COLUMBUS, Ga. (AP) — A local government in Georgia agreed Tuesday to pay $500,000 to settle a lawsuit brought by the family of a Hispanic man who died in a struggle with police officers 2017.
Columbus Council members met in closed session and approved the settlement with the family of Hector Arreola, news outlets reported.
“Council decided that it was in the best interest of everyone involved, to include the Arreola family, the law enforcement personnel involved, the citizens of Columbus, Georgia,” Mayor Skip Henderson told WRBL-TV after the vote. “It gives us an opportunity, maybe to begin some healing on this.”
Council member Walker Garrett, an attorney who made the motion to settle the suit, said the settlement is unrelated to any criminal case that a district attorney might pursue against the officers.
“We think that the judge had made a pretty emphatic statement about the fact that there was precious little evidence to warrant a murder charge in this instance,” Garrett said. “We are focused now on the civil aspect, and it allows the family to begin the healing process.”
An attorney for the Arreola family, Mark Post, released a statement saying the family considers the civil case closed, the Ledger-Enquirer reported.
“The Arreola family is pleased that this matter has been resolved and hopes that this resolution can provide a measure of healing for the community,” Post said.
Arreola’s father, Rodrigo Arreola, signed the settlement agreement July 9. It says $490,000 will go to the guardian of Hector Arreola’s young child, and $10,000 will go to his estate, as managed by Rodrigo Arreola.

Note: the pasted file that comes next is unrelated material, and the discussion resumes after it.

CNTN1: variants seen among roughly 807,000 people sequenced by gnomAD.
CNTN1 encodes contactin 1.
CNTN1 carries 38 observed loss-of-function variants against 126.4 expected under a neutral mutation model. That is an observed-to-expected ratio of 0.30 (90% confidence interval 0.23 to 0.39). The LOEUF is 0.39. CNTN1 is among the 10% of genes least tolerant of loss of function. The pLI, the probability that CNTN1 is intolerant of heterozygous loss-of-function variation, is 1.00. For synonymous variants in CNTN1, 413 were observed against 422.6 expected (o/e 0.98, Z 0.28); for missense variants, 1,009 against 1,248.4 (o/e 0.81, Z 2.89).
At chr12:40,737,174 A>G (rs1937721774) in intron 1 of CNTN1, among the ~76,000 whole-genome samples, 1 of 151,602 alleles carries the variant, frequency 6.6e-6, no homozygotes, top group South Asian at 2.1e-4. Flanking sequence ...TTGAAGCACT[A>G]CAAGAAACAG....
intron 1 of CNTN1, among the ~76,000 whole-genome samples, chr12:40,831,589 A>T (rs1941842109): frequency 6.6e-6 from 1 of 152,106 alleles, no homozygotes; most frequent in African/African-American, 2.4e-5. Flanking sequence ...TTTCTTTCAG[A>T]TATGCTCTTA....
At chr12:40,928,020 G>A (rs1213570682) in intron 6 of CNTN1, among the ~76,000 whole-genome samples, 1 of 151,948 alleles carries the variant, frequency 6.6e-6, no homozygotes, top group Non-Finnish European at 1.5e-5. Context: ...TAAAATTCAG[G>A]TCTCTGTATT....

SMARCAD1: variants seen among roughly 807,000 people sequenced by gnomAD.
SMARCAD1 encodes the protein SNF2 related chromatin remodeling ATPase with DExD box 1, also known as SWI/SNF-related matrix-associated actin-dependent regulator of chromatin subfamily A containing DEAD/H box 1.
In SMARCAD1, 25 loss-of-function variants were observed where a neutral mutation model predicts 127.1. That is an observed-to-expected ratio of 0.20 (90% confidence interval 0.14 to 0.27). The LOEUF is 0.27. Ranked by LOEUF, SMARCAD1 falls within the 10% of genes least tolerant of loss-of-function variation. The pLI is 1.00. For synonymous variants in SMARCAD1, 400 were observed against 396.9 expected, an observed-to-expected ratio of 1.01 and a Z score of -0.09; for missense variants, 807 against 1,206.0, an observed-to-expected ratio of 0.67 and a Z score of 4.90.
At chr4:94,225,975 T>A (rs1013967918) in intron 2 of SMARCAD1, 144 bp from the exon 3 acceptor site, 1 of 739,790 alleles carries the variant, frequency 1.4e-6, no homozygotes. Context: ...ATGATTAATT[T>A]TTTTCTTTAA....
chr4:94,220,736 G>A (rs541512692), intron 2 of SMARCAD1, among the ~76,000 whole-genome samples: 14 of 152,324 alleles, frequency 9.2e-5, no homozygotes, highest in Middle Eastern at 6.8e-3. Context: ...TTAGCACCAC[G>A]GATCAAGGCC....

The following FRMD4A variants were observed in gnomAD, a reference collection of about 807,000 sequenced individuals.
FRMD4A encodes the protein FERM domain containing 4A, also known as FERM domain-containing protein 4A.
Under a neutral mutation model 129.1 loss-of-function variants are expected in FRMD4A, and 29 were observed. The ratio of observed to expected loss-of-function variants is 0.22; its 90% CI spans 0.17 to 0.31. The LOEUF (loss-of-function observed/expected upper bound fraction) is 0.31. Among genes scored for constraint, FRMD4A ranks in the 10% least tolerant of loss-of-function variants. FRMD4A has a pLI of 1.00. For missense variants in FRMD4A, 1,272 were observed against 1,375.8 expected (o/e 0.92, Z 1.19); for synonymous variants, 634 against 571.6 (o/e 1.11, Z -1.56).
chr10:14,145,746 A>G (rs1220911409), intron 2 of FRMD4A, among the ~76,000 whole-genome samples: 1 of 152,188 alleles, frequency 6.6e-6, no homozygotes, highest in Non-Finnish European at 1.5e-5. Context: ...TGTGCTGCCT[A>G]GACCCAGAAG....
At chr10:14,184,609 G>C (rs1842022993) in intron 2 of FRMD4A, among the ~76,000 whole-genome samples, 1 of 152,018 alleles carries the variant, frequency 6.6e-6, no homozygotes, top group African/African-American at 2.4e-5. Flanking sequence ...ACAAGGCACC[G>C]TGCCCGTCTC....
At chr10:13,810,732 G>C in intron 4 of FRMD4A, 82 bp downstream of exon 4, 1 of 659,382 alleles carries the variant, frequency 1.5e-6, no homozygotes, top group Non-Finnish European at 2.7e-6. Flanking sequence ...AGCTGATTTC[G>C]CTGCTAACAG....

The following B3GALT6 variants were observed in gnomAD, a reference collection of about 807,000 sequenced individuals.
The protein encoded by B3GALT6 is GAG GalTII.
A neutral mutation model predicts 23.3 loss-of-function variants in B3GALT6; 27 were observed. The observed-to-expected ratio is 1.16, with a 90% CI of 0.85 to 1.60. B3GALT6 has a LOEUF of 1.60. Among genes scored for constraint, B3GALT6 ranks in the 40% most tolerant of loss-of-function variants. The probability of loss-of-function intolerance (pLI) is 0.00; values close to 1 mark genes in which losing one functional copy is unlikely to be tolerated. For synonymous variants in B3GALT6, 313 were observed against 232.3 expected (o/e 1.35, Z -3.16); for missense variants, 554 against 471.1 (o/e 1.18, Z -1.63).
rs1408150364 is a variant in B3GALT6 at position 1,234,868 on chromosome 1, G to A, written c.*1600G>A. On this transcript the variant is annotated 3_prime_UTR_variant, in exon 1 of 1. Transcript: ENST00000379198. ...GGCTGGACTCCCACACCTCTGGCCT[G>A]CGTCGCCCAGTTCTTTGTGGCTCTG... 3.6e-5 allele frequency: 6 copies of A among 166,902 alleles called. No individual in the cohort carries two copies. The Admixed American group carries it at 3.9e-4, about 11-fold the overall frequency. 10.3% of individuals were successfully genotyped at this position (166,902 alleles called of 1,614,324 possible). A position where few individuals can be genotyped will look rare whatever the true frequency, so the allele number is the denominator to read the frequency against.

The agreement maintains the police officers did nothing wrong, and says the city offered the settlement without the officers’ consent. The officers “expressly deny any and all liability, responsibility and potential liability,” and the settlement “shall not be construed as an admission of liability,” the agreement states.
NAACP leaders in Columbus have likened Arreola’s death to that of George Floyd in Minneapolis. Columbus NAACP branch President Wane Hailes has said Arreola said 16 times that he couldn’t breathe as an officer sat on him for more than two minutes while Arreola was handcuffed.
The officers were put on administrative leave during an investigation, but have returned to duty.
In June, U.S. District Judge Clay Land ruled that he would not halt the wrongful death lawsuit against officers Michael Aguilar, Brian Dudley and Aaron Evrard, despite their concerns that the district attorney is seeking to indict them on criminal charges. Land said he doesn’t believe they can be successfully prosecuted for a crime.
The officers sought a postponement in the civil case after Muscogee County District Attorney Mark Jones named private attorney Christopher Breault as a special prosecutor investigating Arreola’s death. Jones said he hoped Breault would be ready to present the case for possible indictment during the current court term, which ends in August.
The officers’ attorneys argued the criminal investigation hampered their defense in the civil suit, saying they could testify if they weren’t compelled to use their Fifth Amendment right to avoid self-incrimination.
Arreola died during an arrest for disorderly conduct. The Georgia Bureau of Investigation’s initial autopsy report found that he died from methamphetamine toxicity. But the agency amended the report last year to say Arreola died by homicide. The amendment changed the cause of death to “sudden cardiac death following a struggle with law enforcement including prone position restraint complicating acute methamphetamine toxicity.”
The lawsuit alleged the cardiac arrest resulted from brain damage caused by the force the officers used in restraining him.
Land wrote that the statute of limitations has run out on all possible state charges except murder, and that the evidence he has seen shows it’s unlikely that prosecutors could prove that officers acted with premeditated malice or that they killed Arreola while committing a separate felony. Those are the grounds for murder under Georgia law.
Jones last month said he respects Land’s ruling, but that the criminal case should be heard by a grand jury.